A new study claims to have settled one of the great debates of human evolution, concluding that modern humans interbred with Neanderthals.
It is known that people whose recent ancestry is in Africa have fewer genes in common with Neanderthals than those whose origins lie in Europe or Asia.
However, there are two explanations for this. The more obvious one is that humans and Neanderthals occasionally got frisky, and that the genetic relationship was close enough that some of the offspring survived to pass on their genes to us. Call it the Clan of the Cave Bear scenario.
The alternative is that Neanderthals split off from a sub-population of our common ancestors, and that this sub-population also provided most or all of the people who subsequently left Africa.
The debate between these two has gone back and forth. Like most matters in the field of early human origins it has become rather heated at times. Previous methods of genome analysis have struggled to distinguish between the two.
Now a paper in Genetics may have found a way through the issue. “Our approach can distinguish between two subtly different scenarios that could explain the genetic similarities shared by Neanderthals and modern humans from Europe and Asia," said co-author Dr Konrad Lohse of the University of Edinburgh.
The technique was originally developed for comparing related insect species and subspecies, as well as isolated island populations of pigs in South East Asia."Because the method makes maximum use of the information contained in individual genomes, it is particularly exciting for revealing the history of species that are rare or extinct," said Lohse.
Lohse compared four genomes, those of an African, someone from outside Africa, a chimpanzee and Neanderthal fossil. He split the genome into short blocks and created estimates of the likelihood of the two scenarios for each given the similarities of the two modern humans compared to the other species. The method proved robust for different block lengths. The paper states, “Our analysis allows us to conclusively reject a model of ancestral structure in Africa and instead reveals strong support for Neanderthal admixture in Eurasia.”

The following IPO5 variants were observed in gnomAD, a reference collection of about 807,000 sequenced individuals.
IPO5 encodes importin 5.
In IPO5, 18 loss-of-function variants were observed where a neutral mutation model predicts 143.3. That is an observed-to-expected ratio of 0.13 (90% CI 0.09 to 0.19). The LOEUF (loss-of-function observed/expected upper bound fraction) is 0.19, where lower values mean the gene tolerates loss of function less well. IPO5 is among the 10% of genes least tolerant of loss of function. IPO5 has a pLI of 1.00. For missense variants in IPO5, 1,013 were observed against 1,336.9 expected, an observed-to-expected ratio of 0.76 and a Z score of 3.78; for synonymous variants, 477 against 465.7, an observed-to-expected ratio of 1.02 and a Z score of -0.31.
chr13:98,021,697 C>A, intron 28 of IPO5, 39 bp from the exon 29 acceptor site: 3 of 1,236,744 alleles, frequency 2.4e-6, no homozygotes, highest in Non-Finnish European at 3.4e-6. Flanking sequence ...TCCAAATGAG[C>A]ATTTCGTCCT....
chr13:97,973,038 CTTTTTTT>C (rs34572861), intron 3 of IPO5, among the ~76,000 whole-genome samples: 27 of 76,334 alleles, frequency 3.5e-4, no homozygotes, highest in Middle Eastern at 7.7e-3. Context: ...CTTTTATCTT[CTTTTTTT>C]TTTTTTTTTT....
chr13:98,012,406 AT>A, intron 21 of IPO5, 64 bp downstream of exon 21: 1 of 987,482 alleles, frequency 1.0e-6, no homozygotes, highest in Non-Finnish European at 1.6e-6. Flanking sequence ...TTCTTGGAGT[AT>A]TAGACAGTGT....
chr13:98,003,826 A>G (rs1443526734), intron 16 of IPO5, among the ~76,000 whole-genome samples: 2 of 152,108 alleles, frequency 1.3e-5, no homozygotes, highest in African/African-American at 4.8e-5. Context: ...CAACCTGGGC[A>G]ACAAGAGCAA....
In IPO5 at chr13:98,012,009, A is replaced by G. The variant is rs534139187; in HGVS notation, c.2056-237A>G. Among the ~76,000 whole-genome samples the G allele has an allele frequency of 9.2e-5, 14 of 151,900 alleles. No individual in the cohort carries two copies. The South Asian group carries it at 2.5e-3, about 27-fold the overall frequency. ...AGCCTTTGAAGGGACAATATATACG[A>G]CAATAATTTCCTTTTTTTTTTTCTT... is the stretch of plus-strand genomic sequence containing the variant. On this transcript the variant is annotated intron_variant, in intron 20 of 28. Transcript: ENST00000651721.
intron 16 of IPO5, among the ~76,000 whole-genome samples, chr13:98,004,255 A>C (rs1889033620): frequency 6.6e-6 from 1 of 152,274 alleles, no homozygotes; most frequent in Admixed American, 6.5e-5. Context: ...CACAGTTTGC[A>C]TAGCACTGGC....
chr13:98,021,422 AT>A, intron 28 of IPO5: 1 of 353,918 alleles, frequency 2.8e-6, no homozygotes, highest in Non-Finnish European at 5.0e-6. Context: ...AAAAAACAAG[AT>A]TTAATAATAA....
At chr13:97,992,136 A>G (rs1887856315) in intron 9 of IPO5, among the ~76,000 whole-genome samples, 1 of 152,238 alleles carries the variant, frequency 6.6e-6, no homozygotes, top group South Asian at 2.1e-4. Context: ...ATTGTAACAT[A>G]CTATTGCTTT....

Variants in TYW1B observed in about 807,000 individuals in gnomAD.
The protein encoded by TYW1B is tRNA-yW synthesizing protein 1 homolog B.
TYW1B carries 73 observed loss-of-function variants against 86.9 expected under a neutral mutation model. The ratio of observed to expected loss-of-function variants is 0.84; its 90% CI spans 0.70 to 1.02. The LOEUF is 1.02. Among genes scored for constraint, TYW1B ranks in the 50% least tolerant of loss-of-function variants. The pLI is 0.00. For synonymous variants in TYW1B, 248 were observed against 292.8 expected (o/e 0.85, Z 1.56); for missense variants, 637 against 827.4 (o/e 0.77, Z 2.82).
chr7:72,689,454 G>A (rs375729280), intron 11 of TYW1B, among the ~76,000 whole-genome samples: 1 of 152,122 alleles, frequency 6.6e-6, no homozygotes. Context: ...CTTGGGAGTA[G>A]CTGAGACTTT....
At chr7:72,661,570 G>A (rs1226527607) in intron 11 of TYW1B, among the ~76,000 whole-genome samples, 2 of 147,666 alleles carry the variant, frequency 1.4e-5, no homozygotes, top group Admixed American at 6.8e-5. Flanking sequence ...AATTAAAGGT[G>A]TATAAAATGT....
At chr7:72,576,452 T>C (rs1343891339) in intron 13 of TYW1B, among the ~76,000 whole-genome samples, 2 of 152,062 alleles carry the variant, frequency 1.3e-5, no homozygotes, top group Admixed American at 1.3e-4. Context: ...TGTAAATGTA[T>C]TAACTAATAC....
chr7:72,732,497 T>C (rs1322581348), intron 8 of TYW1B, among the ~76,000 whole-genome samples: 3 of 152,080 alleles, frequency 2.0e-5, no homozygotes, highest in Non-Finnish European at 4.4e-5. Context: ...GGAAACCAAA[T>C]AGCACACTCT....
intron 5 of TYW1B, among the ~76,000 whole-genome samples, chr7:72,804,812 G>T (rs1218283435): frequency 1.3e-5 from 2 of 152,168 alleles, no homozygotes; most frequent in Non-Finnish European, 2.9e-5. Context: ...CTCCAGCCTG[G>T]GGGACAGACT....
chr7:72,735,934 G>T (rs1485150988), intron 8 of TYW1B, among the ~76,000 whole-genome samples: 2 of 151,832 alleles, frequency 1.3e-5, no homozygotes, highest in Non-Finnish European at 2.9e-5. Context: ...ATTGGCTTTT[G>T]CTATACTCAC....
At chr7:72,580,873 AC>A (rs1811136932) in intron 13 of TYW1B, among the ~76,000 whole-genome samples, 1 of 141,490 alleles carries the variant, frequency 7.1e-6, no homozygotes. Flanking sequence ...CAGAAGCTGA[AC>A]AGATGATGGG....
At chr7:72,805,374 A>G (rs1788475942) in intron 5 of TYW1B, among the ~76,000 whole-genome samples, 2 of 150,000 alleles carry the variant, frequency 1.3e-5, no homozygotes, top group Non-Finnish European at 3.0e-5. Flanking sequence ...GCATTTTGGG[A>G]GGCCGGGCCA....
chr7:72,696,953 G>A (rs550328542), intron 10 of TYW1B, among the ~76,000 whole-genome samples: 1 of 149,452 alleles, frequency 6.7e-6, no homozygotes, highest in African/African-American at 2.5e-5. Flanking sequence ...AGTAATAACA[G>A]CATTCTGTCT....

The study also found a higher proportion of Neanderthal genes in non-African humans than previous research (3.4-7.3%, rather than 1.5-2.1%). However, Lohse says different methods will produce somewhat different results on this question.
Lohse estimates the time for the divergence between humans and Neanderthals as 329-349 thousand years ago, and between those who left Africa and those who stayed behind at 122-141 thousand years. His work is consistent with recent studies suggesting there was also interbreeding amongst humans and Neanderthals with Denisovans and another mystery relative as well, although many estimates of the dates for leaving Africa are substantially later.
Genetics Editor-in-chief Mark Johnston praised the work for not only putting the controversial question to rest, but opening a path to understanding other species' evolutionary history.
Settling the question is important for our understanding of our own history. It also arguably tells us something philosophically significant about or place in nature and our capacity to relate to those different from ourselves.